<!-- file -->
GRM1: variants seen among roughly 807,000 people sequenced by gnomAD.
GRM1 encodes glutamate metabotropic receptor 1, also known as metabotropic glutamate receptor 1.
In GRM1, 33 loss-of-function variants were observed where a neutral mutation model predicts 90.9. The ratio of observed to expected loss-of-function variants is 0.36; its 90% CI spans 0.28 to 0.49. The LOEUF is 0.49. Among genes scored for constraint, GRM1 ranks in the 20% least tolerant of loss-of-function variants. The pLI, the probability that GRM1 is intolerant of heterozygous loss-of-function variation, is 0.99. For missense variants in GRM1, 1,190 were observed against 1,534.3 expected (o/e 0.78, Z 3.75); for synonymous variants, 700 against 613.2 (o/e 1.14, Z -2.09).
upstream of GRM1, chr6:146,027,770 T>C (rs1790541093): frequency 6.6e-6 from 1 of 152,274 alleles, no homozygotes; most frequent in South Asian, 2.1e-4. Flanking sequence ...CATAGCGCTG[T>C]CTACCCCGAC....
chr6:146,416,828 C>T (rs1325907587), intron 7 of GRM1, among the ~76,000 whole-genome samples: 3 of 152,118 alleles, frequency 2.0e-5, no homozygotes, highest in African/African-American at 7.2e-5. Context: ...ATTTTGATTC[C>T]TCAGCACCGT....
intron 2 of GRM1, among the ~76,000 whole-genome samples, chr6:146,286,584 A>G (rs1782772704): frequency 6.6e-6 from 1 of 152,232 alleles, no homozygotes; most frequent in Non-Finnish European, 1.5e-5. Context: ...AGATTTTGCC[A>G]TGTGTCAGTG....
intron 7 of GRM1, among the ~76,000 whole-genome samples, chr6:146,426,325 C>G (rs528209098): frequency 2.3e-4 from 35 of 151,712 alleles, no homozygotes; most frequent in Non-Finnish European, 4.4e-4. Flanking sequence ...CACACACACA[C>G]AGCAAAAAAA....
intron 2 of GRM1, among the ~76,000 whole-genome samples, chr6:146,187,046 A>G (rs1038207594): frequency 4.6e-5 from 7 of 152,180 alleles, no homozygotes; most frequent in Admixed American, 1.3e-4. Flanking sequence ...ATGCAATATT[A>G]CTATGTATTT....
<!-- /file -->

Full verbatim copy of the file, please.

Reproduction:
GRM1: variants seen among roughly 807,000 people sequenced by gnomAD.
GRM1 encodes glutamate metabotropic receptor 1, also known as metabotropic glutamate receptor 1.
In GRM1, 33 loss-of-function variants were observed where a neutral mutation model predicts 90.9. The ratio of observed to expected loss-of-function variants is 0.36; its 90% CI spans 0.28 to 0.49. The LOEUF is 0.49. Among genes scored for constraint, GRM1 ranks in the 20% least tolerant of loss-of-function variants. The pLI, the probability that GRM1 is intolerant of heterozygous loss-of-function variation, is 0.99. For missense variants in GRM1, 1,190 were observed against 1,534.3 expected (o/e 0.78, Z 3.75); for synonymous variants, 700 against 613.2 (o/e 1.14, Z -2.09).
upstream of GRM1, chr6:146,027,770 T>C (rs1790541093): frequency 6.6e-6 from 1 of 152,274 alleles, no homozygotes; most frequent in South Asian, 2.1e-4. Flanking sequence ...CATAGCGCTG[T>C]CTACCCCGAC....
chr6:146,416,828 C>T (rs1325907587), intron 7 of GRM1, among the ~76,000 whole-genome samples: 3 of 152,118 alleles, frequency 2.0e-5, no homozygotes, highest in African/African-American at 7.2e-5. Context: ...ATTTTGATTC[C>T]TCAGCACCGT....
intron 2 of GRM1, among the ~76,000 whole-genome samples, chr6:146,286,584 A>G (rs1782772704): frequency 6.6e-6 from 1 of 152,232 alleles, no homozygotes; most frequent in Non-Finnish European, 1.5e-5. Context: ...AGATTTTGCC[A>G]TGTGTCAGTG....
intron 7 of GRM1, among the ~76,000 whole-genome samples, chr6:146,426,325 C>G (rs528209098): frequency 2.3e-4 from 35 of 151,712 alleles, no homozygotes; most frequent in Non-Finnish European, 4.4e-4. Flanking sequence ...CACACACACA[C>G]AGCAAAAAAA....
intron 2 of GRM1, among the ~76,000 whole-genome samples, chr6:146,187,046 A>G (rs1038207594): frequency 4.6e-5 from 7 of 152,180 alleles, no homozygotes; most frequent in Admixed American, 1.3e-4. Flanking sequence ...ATGCAATATT[A>G]CTATGTATTT....